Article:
One text that helps is The Solar Workforce Development Toolkit, which fills in the clear need for solar businesses to engage with the broader industry and other workforce development stakeholders. It outlines ways to better align education with regional job markets, streamline training and hiring practices, and increase public awareness of diverse solar career opportunities. Employers interested in bringing in more women in solar and women who are considering a career in solar should review this toolkit.
Careers in solar include construction managers, industrial production managers, electricians, plumbers, steamfitters, pipefitters, sales reps, welding/ soldering/ brazing workers, solar voltaic installers, human resource managers, and marketers — among others. As an example of one of the many successful women in solar, Tanya Strickford grew up through the ranks of SunPower by Positive Energy Solar to COO, progressing from a field installer to crew lead, crew manager, and operations manager. Strickford wants to bring her peers to the industry by leading through example, showing women how they, too, can be building large-scale solar arrays in the desert or hauling and installing residential rooftop panels.
“I don’t think the power of this can be overestimated,” Strickford said, expanding upon the impact that role models have for women in solar. “Women applicants see themselves represented and likely feel more motivated and welcomed. As a company, we’ve hosted Women In Solar Energy (WISE) events to introduce women to the vast opportunities within the industry and show a familiar face. Positive Energy Solar has also had a strong commitment to our community, supporting STEM education throughout New Mexico and encouraging women to get involved.”
Seeing a Solar Installer Position through the Eyes of a Female
Kristin Underwood, co-owner of Planet Earth Solar, was working for the EPA when she realized she couldn’t work behind a desk for the rest of her life. She likes how solar allows her to be outdoors, be physical, and see what she has accomplished each day. She encourages companies to hire and mentor a diverse workforce that includes women in solar.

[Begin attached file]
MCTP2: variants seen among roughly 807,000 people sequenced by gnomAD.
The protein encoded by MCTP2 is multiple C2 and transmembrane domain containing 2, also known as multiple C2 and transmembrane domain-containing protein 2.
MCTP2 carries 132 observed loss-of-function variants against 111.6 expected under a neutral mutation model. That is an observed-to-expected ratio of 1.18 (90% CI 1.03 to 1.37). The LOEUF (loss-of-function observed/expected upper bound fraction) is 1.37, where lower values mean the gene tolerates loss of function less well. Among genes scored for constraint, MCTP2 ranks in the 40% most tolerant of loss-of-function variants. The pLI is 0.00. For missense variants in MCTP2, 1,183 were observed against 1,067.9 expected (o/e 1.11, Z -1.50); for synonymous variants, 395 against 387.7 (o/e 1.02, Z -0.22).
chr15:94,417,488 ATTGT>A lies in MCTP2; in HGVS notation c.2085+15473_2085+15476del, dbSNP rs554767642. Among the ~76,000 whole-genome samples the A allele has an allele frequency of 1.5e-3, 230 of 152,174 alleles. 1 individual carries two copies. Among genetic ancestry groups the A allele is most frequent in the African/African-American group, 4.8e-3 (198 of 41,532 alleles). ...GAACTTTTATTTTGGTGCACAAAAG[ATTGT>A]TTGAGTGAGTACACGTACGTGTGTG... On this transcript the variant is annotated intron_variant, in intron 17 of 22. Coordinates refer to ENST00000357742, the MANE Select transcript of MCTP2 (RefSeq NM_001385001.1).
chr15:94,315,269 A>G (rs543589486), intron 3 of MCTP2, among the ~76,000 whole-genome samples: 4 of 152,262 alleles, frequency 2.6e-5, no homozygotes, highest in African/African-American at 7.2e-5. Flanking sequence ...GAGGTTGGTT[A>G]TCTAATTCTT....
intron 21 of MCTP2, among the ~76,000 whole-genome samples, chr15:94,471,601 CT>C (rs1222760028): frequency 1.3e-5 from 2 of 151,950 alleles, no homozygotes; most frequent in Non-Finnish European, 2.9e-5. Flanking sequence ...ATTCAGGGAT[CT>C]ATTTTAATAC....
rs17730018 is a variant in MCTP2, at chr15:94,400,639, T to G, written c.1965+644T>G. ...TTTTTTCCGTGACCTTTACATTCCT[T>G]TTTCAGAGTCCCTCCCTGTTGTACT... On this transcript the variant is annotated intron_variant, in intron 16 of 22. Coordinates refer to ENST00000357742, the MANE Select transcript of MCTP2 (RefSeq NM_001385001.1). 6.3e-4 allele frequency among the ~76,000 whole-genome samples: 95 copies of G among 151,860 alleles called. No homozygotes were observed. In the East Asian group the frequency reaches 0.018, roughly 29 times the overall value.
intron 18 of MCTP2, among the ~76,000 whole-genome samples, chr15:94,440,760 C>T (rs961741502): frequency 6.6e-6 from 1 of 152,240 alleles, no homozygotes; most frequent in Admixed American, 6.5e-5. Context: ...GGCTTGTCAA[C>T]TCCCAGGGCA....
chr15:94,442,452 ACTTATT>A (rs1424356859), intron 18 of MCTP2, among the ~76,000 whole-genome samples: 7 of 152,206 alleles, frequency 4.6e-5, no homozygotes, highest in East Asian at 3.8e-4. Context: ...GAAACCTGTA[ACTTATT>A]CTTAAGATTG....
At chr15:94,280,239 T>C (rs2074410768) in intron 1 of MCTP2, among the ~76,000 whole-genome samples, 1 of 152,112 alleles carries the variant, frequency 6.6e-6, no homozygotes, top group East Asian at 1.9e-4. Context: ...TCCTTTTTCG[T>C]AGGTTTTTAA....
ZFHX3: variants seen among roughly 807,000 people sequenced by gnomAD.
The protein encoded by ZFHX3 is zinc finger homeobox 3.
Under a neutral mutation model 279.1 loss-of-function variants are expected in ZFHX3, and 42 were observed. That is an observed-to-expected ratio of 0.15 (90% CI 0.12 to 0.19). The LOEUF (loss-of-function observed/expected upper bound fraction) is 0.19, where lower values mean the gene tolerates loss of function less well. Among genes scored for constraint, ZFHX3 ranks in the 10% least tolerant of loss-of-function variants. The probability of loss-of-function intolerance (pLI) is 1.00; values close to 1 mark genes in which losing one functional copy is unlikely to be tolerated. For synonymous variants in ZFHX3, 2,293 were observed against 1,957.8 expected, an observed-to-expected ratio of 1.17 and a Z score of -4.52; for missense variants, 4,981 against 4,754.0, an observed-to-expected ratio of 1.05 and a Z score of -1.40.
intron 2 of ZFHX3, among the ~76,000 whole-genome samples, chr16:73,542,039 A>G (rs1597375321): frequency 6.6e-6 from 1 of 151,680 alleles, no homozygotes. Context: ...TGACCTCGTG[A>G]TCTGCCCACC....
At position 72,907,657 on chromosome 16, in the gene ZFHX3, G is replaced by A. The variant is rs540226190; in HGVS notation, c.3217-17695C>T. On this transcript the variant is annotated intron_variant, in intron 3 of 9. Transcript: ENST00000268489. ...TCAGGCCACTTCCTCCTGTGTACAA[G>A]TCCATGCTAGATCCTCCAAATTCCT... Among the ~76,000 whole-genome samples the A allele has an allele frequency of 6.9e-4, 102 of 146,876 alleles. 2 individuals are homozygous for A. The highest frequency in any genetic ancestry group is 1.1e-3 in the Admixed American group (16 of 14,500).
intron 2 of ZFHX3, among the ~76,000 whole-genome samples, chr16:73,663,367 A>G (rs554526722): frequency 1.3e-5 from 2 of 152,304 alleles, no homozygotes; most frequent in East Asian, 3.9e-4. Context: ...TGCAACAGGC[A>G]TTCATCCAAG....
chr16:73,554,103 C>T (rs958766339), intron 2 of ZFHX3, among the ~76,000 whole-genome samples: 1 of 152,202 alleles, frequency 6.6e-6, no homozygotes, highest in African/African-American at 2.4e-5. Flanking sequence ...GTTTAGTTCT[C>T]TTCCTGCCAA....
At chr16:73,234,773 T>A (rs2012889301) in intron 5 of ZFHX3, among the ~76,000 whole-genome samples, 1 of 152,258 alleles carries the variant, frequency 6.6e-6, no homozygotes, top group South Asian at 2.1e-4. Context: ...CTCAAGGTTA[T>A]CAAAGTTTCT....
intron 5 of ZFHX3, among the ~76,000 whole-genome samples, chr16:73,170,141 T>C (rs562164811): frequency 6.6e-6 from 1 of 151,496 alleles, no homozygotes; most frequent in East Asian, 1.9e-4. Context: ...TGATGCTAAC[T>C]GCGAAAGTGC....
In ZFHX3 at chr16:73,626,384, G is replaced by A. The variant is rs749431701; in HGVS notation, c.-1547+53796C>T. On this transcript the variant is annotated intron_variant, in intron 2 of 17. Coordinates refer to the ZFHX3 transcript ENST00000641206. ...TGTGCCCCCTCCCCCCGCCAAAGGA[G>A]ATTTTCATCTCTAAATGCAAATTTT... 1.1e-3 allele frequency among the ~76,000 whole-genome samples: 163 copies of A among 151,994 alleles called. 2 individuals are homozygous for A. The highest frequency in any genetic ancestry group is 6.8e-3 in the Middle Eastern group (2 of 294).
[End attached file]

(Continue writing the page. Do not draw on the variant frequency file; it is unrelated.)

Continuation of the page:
“Men and women come at problems differently, and, by having other viewpoints and perspectives, you give your company an advantage by having more solutions to all the challenges that can come up in a typical day,” she said. “But just hiring women is not enough. I would encourage company leaders to also look out for them and encourage and mentor them. This industry can be hard on women, so women in solar need both women and men to champion their success.”
So what is a typical series of job responsibilities for a woman who likes to be physically active in a job? For example, what does a solar installer do?
Solar installers design and develop solar panels based on customer preferences and building restrictions, paying close attention to details in order to install functioning panels. With the need to be knowledgeable about mechanical and electrical tools, newer (women?) installers will build the support structures, while (male?) veterans do more technical tasks such as connecting the panels to the electric systems.
The job of a solar installer has many components which speak to women’s skills, worldviews, and dispositions.